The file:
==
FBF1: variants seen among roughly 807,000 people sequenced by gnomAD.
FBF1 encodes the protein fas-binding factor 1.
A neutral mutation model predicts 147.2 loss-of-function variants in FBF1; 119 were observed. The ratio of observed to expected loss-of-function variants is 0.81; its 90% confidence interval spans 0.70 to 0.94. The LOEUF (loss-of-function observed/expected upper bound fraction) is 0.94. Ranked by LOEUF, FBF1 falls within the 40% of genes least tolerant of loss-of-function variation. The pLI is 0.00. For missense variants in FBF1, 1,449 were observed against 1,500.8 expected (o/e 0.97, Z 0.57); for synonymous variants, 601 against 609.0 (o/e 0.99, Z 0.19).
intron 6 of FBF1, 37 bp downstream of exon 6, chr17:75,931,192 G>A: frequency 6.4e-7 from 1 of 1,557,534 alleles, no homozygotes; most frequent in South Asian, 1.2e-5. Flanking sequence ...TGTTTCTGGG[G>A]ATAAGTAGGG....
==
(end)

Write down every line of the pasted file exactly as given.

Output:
FBF1: variants seen among roughly 807,000 people sequenced by gnomAD.
FBF1 encodes the protein fas-binding factor 1.
A neutral mutation model predicts 147.2 loss-of-function variants in FBF1; 119 were observed. The ratio of observed to expected loss-of-function variants is 0.81; its 90% confidence interval spans 0.70 to 0.94. The LOEUF (loss-of-function observed/expected upper bound fraction) is 0.94. Ranked by LOEUF, FBF1 falls within the 40% of genes least tolerant of loss-of-function variation. The pLI is 0.00. For missense variants in FBF1, 1,449 were observed against 1,500.8 expected (o/e 0.97, Z 0.57); for synonymous variants, 601 against 609.0 (o/e 0.99, Z 0.19).
intron 6 of FBF1, 37 bp downstream of exon 6, chr17:75,931,192 G>A: frequency 6.4e-7 from 1 of 1,557,534 alleles, no homozygotes; most frequent in South Asian, 1.2e-5. Flanking sequence ...TGTTTCTGGG[G>A]ATAAGTAGGG....